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The first 8 tracks of this album are from the Skyclad's '95 appearance at the Dynamo festival. As the band had just released Silent Whales of Lunar Sea, all but three live tracks are from that album. If Silent Whales is your favorite 'Clad album, you'll salivate at the tracklist, which includes "Still Spinning Shrapnel," "Art-Nazi," "Just What Nobody Wanted," and "Another Fine Mess." However, if your favorite Skyclad release is anything else, you won't be happy at all. Where's Schadenfreude? Where's R'Vannith? Where's Cry of the Land? I'm the one who’s crying.
It's a shame that Skyclad didn't have more live material in the can, something that would better represent the band's ten album tenure with Walkyier. It's a shame that Walkyier and the remaining members couldn't cooperate to release something better. Walkyier blames the band for this; the band blames Walkyier. It's the fans who lose.
To Skyclad's credit, the live songs are all faithfully translated from the studio. Track selection aside, my main complaint about the show itself is the lack of banter between songs. The live songs on the Tracks of the Wilderness EP and the Thinking Allowed? single featured little introductions by Walkyier, but nothing like that appears on "Another Fine Mess."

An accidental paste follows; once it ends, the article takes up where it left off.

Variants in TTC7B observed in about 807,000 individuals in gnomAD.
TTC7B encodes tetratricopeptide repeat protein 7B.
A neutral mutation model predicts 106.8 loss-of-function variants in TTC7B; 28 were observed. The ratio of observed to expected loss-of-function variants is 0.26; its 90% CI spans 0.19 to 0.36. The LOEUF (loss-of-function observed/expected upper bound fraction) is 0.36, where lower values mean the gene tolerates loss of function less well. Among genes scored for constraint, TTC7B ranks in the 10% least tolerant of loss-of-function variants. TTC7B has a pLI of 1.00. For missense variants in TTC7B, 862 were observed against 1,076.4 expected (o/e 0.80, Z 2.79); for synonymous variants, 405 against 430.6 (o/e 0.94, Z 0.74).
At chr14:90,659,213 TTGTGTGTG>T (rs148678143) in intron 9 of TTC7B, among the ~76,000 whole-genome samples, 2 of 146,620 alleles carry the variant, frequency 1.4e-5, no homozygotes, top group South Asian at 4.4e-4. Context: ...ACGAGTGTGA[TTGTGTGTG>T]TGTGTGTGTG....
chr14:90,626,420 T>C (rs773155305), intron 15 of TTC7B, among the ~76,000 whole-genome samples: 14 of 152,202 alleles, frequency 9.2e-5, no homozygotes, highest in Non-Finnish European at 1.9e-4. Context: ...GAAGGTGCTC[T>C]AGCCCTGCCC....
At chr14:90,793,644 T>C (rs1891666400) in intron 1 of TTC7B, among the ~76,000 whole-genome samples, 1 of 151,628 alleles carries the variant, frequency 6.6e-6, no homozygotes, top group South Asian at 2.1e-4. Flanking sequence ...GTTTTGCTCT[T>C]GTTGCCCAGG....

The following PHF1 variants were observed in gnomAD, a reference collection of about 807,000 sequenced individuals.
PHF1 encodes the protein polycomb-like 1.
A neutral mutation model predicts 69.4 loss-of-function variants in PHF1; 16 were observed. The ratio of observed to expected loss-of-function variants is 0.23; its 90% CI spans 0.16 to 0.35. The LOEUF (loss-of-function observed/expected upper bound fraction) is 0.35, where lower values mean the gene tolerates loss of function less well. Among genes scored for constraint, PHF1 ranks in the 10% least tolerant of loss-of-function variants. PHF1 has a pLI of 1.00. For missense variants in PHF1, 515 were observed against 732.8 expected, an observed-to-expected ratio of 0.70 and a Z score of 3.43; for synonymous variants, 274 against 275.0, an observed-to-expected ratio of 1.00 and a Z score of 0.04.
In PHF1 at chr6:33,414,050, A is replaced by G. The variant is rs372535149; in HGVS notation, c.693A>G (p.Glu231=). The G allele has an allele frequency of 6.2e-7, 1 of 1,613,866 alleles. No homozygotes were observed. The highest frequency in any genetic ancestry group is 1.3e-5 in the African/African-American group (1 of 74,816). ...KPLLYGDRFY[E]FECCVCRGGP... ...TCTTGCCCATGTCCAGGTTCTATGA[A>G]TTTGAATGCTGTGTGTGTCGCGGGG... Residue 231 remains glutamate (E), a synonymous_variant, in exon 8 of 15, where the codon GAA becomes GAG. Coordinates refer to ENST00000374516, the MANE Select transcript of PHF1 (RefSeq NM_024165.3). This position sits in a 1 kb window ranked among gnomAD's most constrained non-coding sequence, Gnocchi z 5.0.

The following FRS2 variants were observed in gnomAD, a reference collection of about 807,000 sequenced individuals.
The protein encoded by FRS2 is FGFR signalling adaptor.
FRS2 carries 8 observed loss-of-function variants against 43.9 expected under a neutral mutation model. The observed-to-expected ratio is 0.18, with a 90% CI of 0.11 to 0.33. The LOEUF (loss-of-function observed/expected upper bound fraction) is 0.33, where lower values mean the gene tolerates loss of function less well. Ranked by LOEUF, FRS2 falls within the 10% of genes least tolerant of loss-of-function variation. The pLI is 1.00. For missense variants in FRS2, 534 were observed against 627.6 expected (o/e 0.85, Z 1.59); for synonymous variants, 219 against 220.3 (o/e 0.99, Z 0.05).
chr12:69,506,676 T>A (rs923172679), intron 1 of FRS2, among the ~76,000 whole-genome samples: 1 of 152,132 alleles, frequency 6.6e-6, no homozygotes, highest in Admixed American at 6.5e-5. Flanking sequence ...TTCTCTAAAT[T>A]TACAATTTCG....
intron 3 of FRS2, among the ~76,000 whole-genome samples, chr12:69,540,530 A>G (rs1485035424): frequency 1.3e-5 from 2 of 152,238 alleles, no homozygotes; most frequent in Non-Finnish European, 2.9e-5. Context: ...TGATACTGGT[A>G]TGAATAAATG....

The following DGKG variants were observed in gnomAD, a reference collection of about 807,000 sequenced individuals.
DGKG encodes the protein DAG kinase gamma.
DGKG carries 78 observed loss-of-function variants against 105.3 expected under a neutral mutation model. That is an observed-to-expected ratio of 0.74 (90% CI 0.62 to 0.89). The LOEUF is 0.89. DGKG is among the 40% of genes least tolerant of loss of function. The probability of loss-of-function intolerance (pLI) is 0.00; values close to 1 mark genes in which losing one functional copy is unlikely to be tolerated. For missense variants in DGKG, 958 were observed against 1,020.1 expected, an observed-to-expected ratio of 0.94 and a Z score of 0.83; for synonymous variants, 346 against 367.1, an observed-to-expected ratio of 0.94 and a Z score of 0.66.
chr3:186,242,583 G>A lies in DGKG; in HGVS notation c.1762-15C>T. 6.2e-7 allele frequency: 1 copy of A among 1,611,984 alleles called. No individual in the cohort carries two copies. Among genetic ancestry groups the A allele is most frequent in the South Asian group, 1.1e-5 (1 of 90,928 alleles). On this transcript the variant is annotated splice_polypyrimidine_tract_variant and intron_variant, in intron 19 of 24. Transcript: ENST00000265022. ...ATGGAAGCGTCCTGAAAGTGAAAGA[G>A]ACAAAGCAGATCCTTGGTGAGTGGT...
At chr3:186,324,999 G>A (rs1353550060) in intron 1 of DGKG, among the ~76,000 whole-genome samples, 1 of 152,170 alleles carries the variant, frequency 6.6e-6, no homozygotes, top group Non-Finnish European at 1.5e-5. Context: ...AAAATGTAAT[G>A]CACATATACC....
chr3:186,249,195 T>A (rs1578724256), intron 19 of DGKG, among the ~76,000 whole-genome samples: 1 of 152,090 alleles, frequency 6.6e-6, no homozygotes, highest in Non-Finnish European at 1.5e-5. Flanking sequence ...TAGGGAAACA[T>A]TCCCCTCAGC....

I don't blame Skyclad for this album. When Walkyier left, the label threatened to release this performance anyway, so Skyclad got involved to ensure that there wouldn't be a shit album cover and one-page booklet. The liner notes make the band sound more enthusiastic about this stopgap recording than they probably are.
What saves this release is the inclusion of the impossible-to-find Outrageous Fourtunes EP. The EP was originally handed out with promo copies of The Answer Machine?, and it features four Skyclad classics redone in the mellower Answer Machine style. These tracks---Land of the Rising Slum, Sins of Emission, Alone in Death's Shadow, and Spinning Jenny--reappear on Another Fine Mess in all their acousitic glory.
As "Alone in Death's Shadow" was a ballad in the first place, the new version has little extra to offer. Sins of Emission sounds a lot like the version that would later appear on No Daylights Nor Heeltaps, only better, while Land of the Rising Slum has been morphed into an atmospheric doom song. The highlight, however, is Spinning Jenny. The lyrics and bounce of the original have been removed, and we're left with a medieval-sounding, very solemn instrumental. Every person I've played this song for, metalhead and non-metalhead alike, think the track is absolutely stunning.
Overall, "Another Fine Mess" would appeal most to Skyclad completists. It's essentially the Outrageous Fourtunes EP with live bonus tracks.